Use anti-aging Serums: Free radicals or harmful molecules in the environment are one of the factors that can accelerate aging by destroying cells in the body, potentially leading to different diseases. Fortunately, compounds called anti-oxidants can help neutralize free radicals and can delay the effects of aging.[13] Choose serums fortified with anti-oxidants such as retinols, vitamin E, vitamin C and resveratrol such as Chi’s Kakadu Plum, Swiss Apple Stem Cell, Elastin Plus and Alpha EGF Serums.

Kakadu plum’s medicinal properties are exceptional. It contains phytochemicals such as Gallic and Ellagic acids. Gallic acid has antibacterial, antiviral and antifungal activities, and also shows anti-inflammatory, anti-tumour, anti-mutagenic and anti- bronchodilatory activities. Ellagic acid has anti-carcinogenic effects against a wide range of carcinogens in many human tissues. Science has identified the Aboriginal bush food known as the Kakadu plum as the world’s richest natural source of vitamin C. Studies show the concentration of vitamin C in Kakadu plum to be as high as 3200-5000mg/100g (compared with 50mg/100g for oranges). As we know, vitamin C is a powerful antioxidant and an essential nutrient to help slow the aging process. Vitamin C is essential for the formation of proline, an amino acid that is required to make collagen.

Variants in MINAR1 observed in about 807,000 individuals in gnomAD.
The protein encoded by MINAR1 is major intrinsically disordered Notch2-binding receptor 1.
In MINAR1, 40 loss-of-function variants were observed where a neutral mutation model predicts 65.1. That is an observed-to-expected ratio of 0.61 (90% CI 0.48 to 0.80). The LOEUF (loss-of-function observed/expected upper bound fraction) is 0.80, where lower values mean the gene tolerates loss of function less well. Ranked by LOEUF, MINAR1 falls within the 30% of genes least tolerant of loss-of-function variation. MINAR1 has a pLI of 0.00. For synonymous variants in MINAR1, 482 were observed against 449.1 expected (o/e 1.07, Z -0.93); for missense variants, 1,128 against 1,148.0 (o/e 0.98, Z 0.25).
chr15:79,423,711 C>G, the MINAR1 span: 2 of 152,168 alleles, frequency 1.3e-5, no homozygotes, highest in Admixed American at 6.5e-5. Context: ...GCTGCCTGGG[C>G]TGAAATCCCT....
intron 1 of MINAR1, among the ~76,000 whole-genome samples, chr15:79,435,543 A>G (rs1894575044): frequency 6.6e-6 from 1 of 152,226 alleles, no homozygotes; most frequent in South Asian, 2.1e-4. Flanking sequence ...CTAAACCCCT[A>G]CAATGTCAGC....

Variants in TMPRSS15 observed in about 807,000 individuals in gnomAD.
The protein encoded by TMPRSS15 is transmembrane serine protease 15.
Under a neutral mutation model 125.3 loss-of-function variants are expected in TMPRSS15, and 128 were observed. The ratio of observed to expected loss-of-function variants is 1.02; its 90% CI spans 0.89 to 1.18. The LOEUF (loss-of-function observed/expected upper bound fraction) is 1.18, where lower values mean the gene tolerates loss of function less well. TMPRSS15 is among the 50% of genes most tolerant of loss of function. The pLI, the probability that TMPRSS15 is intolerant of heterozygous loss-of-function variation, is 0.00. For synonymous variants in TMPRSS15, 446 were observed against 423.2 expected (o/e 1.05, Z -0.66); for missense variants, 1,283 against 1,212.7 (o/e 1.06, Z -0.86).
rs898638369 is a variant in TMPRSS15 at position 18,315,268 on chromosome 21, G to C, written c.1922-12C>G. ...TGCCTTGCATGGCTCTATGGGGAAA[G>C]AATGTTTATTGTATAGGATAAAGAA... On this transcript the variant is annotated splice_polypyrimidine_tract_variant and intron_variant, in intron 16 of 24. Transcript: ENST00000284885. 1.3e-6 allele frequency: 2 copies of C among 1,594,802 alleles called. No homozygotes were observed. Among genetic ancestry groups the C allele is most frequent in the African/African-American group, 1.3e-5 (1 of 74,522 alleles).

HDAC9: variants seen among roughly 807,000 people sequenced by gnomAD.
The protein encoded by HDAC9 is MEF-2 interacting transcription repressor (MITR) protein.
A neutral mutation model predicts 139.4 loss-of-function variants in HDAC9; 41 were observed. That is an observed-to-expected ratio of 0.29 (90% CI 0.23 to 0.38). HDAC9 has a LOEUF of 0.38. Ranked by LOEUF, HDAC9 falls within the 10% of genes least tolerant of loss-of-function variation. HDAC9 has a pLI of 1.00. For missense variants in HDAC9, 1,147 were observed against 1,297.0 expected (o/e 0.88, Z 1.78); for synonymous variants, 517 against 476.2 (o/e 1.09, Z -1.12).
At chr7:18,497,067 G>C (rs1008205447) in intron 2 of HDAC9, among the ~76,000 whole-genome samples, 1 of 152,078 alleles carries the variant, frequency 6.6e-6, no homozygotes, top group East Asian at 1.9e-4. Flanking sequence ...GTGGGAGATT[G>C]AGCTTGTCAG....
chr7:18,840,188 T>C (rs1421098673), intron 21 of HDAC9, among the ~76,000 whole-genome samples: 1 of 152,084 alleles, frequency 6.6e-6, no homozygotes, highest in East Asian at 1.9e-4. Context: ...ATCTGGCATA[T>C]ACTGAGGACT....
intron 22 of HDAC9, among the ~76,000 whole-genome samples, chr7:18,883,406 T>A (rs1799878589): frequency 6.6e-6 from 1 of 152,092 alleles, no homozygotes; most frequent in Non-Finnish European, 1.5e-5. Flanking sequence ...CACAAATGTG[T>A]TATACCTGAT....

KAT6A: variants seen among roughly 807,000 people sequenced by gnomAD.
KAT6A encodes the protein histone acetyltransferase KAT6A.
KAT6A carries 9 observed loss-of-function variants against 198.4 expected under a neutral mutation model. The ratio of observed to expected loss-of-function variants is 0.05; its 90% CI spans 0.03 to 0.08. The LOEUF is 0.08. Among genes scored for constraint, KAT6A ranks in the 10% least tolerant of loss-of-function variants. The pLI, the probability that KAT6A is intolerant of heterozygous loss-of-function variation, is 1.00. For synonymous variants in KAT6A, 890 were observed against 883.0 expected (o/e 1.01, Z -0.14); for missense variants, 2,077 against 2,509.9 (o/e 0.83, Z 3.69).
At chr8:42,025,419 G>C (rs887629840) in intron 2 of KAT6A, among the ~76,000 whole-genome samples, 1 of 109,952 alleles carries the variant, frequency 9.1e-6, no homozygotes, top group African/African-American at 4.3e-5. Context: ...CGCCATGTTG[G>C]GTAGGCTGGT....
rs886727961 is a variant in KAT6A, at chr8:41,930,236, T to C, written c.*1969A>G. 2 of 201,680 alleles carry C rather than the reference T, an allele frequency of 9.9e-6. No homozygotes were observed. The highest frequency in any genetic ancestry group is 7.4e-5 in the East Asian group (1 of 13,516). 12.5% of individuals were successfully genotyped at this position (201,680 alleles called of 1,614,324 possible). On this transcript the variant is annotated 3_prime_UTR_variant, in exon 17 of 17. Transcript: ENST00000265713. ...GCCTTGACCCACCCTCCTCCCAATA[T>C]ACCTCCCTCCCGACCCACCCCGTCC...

Swiss Apple Stem Cell won the prize in European Innovation “Best Active Ingredient” in 2008. It is a revolutionary technology designed to protect human skin stem cells with the help of stem cells from a rare Swiss apple. Uttwiler Spätlauber is an endangered apple variety that is well-known for its ability to be stored for long periods without shrivelling and thus its longevity potential. These apples are rich in phytonutrients, proteins and long-living cells.